Dassault Aviation announced the certification of the Falcon 8X by the European Aviation Safety Agency (EASA).
This certification is exactly as anticipated in the program schedule. American certification will shortly be issued by the Federal Aviation Administration (FAA). First deliveries of the Falcon 8X will therefore be possible at the beginning of the fourth quarter, as announced when the aircraft was launched in May 2014.
“Not only did we develop a Falcon which is exactly in line with the needs of our customers in terms of range, comfort and operational flexibility, but we also did so in record time and with an unparalleled process to ensure aircraft reliability and maturity”, said Eric Trappier, Dassault Aviation Chairman and CEO.
The 26th Falcon 8X is currently in final assembly in the Mérignac plant, while twelve aircraft are in cabin outfitting in the Little Rock plant (Arkansas, United States).
Derived from the Falcon 7X, the Falcon 8X first flew on February 6, 2015. It will offer the greatest range and the longest cabin of any Falcon, allowing it to fly passengers comfortably from Beijing to New York, Hong Kong to London or Los Angeles to Moscow nonstop. It will also share the 7X’s exceptional operating economy and short-field performance. In addition to the quietest cabin and the most advanced digital flight control system in business aviation, the trijet will feature the largest selection of standard cabin configurations of any large business jet.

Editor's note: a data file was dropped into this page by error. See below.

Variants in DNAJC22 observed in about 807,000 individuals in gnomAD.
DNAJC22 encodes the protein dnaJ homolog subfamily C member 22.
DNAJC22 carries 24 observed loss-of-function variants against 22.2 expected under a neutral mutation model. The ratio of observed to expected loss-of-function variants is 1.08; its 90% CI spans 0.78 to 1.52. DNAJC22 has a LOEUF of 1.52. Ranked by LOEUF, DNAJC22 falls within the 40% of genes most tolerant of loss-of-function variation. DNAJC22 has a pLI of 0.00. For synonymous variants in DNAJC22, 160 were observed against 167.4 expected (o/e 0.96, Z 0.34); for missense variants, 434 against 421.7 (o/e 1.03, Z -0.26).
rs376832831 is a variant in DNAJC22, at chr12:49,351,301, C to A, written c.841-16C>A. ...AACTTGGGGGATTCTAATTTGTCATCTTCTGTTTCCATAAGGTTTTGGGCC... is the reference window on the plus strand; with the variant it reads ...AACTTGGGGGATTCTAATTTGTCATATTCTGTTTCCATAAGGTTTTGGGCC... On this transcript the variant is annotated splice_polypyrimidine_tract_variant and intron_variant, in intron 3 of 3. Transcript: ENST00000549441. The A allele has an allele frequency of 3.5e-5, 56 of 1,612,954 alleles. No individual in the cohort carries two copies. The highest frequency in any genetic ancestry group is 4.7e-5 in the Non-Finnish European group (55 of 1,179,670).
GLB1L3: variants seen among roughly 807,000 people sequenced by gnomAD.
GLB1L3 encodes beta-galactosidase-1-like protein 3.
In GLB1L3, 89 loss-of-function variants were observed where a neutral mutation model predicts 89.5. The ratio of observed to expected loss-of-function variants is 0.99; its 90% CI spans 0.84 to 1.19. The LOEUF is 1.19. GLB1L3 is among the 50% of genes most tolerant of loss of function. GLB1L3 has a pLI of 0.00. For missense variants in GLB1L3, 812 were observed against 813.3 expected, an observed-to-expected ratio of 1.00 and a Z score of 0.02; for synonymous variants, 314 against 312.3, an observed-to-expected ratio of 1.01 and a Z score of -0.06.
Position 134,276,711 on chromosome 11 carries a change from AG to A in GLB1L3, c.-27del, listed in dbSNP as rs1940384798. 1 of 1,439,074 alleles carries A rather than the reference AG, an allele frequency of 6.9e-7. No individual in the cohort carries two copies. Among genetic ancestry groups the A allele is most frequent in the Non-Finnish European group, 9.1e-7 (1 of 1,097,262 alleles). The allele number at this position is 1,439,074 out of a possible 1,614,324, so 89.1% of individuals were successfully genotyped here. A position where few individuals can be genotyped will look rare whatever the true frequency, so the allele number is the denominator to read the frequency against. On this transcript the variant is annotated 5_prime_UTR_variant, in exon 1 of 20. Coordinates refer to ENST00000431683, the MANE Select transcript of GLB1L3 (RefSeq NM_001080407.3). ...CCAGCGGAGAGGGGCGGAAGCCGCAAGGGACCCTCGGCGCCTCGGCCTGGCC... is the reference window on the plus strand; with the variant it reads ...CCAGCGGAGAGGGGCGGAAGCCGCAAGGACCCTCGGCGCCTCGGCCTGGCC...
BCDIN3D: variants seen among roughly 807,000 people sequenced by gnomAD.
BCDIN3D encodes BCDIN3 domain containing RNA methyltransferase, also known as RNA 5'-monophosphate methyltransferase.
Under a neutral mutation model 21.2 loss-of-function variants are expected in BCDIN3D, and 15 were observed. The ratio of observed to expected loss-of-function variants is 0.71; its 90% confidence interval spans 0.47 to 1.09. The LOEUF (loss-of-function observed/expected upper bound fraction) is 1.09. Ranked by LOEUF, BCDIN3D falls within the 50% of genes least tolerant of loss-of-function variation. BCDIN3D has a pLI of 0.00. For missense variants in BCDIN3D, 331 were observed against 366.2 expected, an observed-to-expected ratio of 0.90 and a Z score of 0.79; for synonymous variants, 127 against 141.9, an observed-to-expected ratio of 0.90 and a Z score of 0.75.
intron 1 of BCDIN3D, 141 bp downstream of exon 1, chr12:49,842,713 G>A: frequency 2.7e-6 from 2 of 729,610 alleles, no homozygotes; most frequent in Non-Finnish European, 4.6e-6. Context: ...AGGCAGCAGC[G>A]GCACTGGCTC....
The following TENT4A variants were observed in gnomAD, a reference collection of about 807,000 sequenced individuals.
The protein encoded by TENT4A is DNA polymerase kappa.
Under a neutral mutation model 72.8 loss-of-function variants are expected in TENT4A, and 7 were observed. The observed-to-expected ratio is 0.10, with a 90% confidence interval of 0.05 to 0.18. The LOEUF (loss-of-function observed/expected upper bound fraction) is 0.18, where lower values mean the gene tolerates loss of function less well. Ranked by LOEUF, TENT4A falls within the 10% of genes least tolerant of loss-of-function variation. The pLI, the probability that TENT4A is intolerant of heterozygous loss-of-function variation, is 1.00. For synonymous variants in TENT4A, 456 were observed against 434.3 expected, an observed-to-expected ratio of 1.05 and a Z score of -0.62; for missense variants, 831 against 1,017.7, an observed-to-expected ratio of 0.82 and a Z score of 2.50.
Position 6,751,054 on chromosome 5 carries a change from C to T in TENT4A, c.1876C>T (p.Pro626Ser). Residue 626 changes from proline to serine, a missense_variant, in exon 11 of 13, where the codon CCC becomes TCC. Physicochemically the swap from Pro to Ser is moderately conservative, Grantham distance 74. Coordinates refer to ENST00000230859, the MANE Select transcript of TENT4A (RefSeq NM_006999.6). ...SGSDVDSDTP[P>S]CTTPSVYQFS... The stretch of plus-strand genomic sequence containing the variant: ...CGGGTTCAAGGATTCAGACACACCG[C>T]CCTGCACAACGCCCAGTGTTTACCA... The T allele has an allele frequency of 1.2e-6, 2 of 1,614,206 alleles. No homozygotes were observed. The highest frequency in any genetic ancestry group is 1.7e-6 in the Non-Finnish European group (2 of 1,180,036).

With more than 8,000 military and civil aircraft delivered to more than 90 countries over the past 60 years, and having logged nearly 28 million flight hours to date, Dassault Aviation can offer recognized know-how and experience in the design, development, sale and support of all types of aircraft, from the Rafale fighter to the Falcon range of high-end business jets, as well as military unmanned air systems.
In 2015, Dassault Aviation reported revenues of €4.20 billion. The company has almost 12,000 employees. In 2016, Dassault Aviation is celebrating the first centennial of its history, which started in 1916 with Marcel Dassault and the Éclair propeller.